Issue 1: Whether there existed a partnership between the parties?

Counsel for the Plaintiffs referred to Section 2(1) of the Partnership Act defines a partnership as the relation which subsists between persons carrying on business in common with a view point of profit and can be formed informally or by conduct of the parties as per the case of Dr. Okello N. David versus Komakech Stephen, H.C.C.S No. 30 of 2004.  

He also submitted that there is no doubt that the Plaintiffs and the Defendant bought the suit motor vehicle with the intention of doing business to earn profit. The Defendant picked the suit vehicle and started operating it on the road on the 22/8/2008. Thus, there is sufficient evidence that a partnership existed between the parties.

Counsel for the Defendant on the other hand submitted that the Business Names Registration Act and the Partnership Act stipulate that a partnership exists with a view to carry on business for profit; the partners are collectively described by law as a firm; and the partners must trade under a business name which shall be called the firm name. That a partnership may be governed by a partnership contract, a written agreement, agreed positions between partners either from their express or implied conduct or overriding prohibitions entrenched within the Act unless if expressly negated by the written partnership agreement. That in the instant case the Plaintiffs did not prove compliance with the Law under the Business Names Registration Act.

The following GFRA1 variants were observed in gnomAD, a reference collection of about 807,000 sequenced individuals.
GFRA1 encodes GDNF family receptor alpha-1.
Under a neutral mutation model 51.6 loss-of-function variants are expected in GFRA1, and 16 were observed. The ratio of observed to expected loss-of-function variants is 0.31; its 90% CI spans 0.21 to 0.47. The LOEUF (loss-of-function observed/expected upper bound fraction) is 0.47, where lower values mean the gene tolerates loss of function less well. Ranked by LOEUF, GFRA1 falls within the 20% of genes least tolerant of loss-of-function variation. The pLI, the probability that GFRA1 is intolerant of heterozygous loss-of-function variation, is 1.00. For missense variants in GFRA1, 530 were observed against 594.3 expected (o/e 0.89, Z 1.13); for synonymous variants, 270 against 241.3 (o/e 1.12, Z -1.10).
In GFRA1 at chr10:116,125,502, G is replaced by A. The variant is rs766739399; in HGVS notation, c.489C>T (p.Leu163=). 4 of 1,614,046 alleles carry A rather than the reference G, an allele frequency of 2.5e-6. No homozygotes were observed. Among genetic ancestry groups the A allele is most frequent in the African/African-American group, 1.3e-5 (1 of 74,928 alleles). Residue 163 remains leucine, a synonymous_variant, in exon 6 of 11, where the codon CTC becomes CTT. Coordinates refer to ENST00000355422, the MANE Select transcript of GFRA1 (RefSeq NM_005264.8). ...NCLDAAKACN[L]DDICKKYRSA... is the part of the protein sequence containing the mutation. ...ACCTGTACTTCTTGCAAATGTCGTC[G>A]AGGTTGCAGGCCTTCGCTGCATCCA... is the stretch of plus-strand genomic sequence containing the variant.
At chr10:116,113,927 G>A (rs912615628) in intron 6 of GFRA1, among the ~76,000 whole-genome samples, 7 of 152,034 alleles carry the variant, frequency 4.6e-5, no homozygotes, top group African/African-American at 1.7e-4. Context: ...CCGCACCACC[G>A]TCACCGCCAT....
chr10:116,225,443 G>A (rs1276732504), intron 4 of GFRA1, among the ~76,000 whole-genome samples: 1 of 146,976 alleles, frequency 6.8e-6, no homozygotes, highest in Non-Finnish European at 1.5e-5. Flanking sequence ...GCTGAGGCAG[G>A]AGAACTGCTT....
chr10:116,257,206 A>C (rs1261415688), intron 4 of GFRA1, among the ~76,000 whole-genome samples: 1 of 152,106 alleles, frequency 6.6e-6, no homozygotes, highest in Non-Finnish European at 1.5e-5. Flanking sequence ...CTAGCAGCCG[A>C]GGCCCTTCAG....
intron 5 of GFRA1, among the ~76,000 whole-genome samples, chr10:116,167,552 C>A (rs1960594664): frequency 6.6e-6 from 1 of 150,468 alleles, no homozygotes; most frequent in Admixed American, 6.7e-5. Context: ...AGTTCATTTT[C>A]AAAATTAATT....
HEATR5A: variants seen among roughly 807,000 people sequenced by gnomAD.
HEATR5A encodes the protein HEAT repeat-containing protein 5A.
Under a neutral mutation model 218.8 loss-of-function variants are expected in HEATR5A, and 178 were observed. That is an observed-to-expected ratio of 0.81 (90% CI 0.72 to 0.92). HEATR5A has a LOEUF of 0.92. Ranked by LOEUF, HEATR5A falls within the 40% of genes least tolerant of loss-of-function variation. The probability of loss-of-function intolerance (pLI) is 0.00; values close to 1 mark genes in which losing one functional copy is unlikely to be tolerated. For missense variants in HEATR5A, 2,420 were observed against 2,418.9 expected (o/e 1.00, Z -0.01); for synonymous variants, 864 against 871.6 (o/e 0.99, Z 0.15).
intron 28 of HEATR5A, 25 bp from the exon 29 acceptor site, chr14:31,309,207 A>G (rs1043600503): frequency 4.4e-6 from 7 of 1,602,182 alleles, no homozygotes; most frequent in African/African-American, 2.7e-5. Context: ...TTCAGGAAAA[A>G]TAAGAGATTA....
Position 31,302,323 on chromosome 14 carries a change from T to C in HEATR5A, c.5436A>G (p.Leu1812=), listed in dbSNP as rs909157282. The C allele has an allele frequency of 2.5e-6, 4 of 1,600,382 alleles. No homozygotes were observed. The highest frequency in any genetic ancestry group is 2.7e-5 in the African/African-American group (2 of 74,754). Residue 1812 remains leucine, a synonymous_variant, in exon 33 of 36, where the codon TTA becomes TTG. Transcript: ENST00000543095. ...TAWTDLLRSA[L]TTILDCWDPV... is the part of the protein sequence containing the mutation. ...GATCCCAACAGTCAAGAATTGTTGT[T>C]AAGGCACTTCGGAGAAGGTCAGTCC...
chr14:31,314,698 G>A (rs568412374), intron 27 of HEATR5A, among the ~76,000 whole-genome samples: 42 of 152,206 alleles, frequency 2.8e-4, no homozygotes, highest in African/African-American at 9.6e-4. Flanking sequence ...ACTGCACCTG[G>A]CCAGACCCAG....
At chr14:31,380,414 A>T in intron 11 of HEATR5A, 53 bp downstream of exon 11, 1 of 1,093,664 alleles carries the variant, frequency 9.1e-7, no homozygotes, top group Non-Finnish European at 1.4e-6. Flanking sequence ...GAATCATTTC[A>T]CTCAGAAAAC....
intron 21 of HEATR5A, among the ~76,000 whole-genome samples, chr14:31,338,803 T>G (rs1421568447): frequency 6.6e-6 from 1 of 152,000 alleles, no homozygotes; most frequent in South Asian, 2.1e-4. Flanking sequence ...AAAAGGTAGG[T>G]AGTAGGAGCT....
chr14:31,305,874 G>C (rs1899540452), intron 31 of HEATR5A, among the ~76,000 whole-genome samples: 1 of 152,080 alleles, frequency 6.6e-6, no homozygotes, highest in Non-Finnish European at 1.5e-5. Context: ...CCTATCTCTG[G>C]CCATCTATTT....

Further, that it was the Defendant who was the purchaser and it was only logical for the vendor to pursue him and the Plaintiffs made no effort to salvage the vehicle. That the Plaintiffs never made a formal partnership and failed to contribute money for furnishing the suit vehicle with the requisite fittings. That the Defendant was left to devise on how to do the fitting and he also notified the Plaintiffs of the commencement date and the repayment of the credit money borrowed to refund the fittings, which evidence was not challenged. That the conduct of the Plaintiffs grabbing the car from the Defendant broke down the prospects of a partnership between the parties.

Counsel for the Defendant added that the law estops the Plaintiffs from asserting that a partnership existed as long as they cannot prove any exemption under the Business Names Registration Act.

This Court has carefully considered the submissions on both sides under the 1st issue. I have also considered the evidence and testimonies of the witnesses on both sides and studied all the pleadings on record. As already noted, the agreement of buying a vehicle Kigege (taxi) minibus was a precondition that a formal partnership would be concluded after paying for the vehicle. The parties did not plead any exemption which made them not to fulfil the contract pre-condition or not to comply with the mandatory provisions of Section 2(2) of the Business Names Registration Act.  Under the Business names Registration Act, Cap. 109 Laws of Uganda, Business Names are to be registered whether partnership or otherwise. Registration is therefore compulsory.